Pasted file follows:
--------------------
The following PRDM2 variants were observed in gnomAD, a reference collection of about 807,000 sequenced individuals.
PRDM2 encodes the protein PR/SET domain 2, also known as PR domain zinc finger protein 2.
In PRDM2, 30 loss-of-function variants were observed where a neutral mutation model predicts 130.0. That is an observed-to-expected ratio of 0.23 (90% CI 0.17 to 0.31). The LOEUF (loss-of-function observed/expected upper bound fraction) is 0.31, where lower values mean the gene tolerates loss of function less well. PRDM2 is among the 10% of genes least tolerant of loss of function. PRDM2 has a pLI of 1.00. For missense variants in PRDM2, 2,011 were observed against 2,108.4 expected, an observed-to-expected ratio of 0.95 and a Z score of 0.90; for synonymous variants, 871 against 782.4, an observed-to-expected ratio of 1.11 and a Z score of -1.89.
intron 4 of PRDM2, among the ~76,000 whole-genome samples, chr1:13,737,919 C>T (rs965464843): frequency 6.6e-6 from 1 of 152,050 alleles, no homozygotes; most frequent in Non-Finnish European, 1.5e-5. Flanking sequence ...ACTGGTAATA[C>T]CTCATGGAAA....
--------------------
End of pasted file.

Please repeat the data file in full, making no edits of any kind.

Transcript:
The following PRDM2 variants were observed in gnomAD, a reference collection of about 807,000 sequenced individuals.
PRDM2 encodes the protein PR/SET domain 2, also known as PR domain zinc finger protein 2.
In PRDM2, 30 loss-of-function variants were observed where a neutral mutation model predicts 130.0. That is an observed-to-expected ratio of 0.23 (90% CI 0.17 to 0.31). The LOEUF (loss-of-function observed/expected upper bound fraction) is 0.31, where lower values mean the gene tolerates loss of function less well. PRDM2 is among the 10% of genes least tolerant of loss of function. PRDM2 has a pLI of 1.00. For missense variants in PRDM2, 2,011 were observed against 2,108.4 expected, an observed-to-expected ratio of 0.95 and a Z score of 0.90; for synonymous variants, 871 against 782.4, an observed-to-expected ratio of 1.11 and a Z score of -1.89.
intron 4 of PRDM2, among the ~76,000 whole-genome samples, chr1:13,737,919 C>T (rs965464843): frequency 6.6e-6 from 1 of 152,050 alleles, no homozygotes; most frequent in Non-Finnish European, 1.5e-5. Flanking sequence ...ACTGGTAATA[C>T]CTCATGGAAA....